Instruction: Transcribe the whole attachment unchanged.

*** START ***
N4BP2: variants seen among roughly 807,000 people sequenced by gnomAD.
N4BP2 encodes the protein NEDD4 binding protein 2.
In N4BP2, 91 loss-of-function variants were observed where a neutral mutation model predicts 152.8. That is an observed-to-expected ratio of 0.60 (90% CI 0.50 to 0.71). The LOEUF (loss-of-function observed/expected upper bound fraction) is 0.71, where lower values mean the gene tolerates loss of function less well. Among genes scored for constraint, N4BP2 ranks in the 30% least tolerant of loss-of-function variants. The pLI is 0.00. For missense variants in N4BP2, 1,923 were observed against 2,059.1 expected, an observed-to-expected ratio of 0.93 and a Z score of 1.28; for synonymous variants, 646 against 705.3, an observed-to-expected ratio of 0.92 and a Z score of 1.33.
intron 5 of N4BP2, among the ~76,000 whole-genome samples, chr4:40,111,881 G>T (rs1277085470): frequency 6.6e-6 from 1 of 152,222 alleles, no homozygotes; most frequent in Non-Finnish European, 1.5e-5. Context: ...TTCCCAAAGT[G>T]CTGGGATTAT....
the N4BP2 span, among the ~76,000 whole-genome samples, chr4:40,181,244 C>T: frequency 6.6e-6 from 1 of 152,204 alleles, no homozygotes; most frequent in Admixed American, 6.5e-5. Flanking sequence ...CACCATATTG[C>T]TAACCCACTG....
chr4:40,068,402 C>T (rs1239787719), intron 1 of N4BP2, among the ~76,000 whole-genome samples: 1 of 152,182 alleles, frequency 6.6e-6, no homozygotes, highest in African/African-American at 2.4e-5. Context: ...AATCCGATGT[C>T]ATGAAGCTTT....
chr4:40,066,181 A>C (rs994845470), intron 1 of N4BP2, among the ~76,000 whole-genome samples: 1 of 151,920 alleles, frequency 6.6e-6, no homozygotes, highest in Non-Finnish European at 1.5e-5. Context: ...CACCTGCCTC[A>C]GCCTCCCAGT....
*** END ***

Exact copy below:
N4BP2: variants seen among roughly 807,000 people sequenced by gnomAD.
N4BP2 encodes the protein NEDD4 binding protein 2.
In N4BP2, 91 loss-of-function variants were observed where a neutral mutation model predicts 152.8. That is an observed-to-expected ratio of 0.60 (90% CI 0.50 to 0.71). The LOEUF (loss-of-function observed/expected upper bound fraction) is 0.71, where lower values mean the gene tolerates loss of function less well. Among genes scored for constraint, N4BP2 ranks in the 30% least tolerant of loss-of-function variants. The pLI is 0.00. For missense variants in N4BP2, 1,923 were observed against 2,059.1 expected, an observed-to-expected ratio of 0.93 and a Z score of 1.28; for synonymous variants, 646 against 705.3, an observed-to-expected ratio of 0.92 and a Z score of 1.33.
intron 5 of N4BP2, among the ~76,000 whole-genome samples, chr4:40,111,881 G>T (rs1277085470): frequency 6.6e-6 from 1 of 152,222 alleles, no homozygotes; most frequent in Non-Finnish European, 1.5e-5. Context: ...TTCCCAAAGT[G>T]CTGGGATTAT....
the N4BP2 span, among the ~76,000 whole-genome samples, chr4:40,181,244 C>T: frequency 6.6e-6 from 1 of 152,204 alleles, no homozygotes; most frequent in Admixed American, 6.5e-5. Flanking sequence ...CACCATATTG[C>T]TAACCCACTG....
chr4:40,068,402 C>T (rs1239787719), intron 1 of N4BP2, among the ~76,000 whole-genome samples: 1 of 152,182 alleles, frequency 6.6e-6, no homozygotes, highest in African/African-American at 2.4e-5. Context: ...AATCCGATGT[C>T]ATGAAGCTTT....
chr4:40,066,181 A>C (rs994845470), intron 1 of N4BP2, among the ~76,000 whole-genome samples: 1 of 151,920 alleles, frequency 6.6e-6, no homozygotes, highest in Non-Finnish European at 1.5e-5. Context: ...CACCTGCCTC[A>C]GCCTCCCAGT....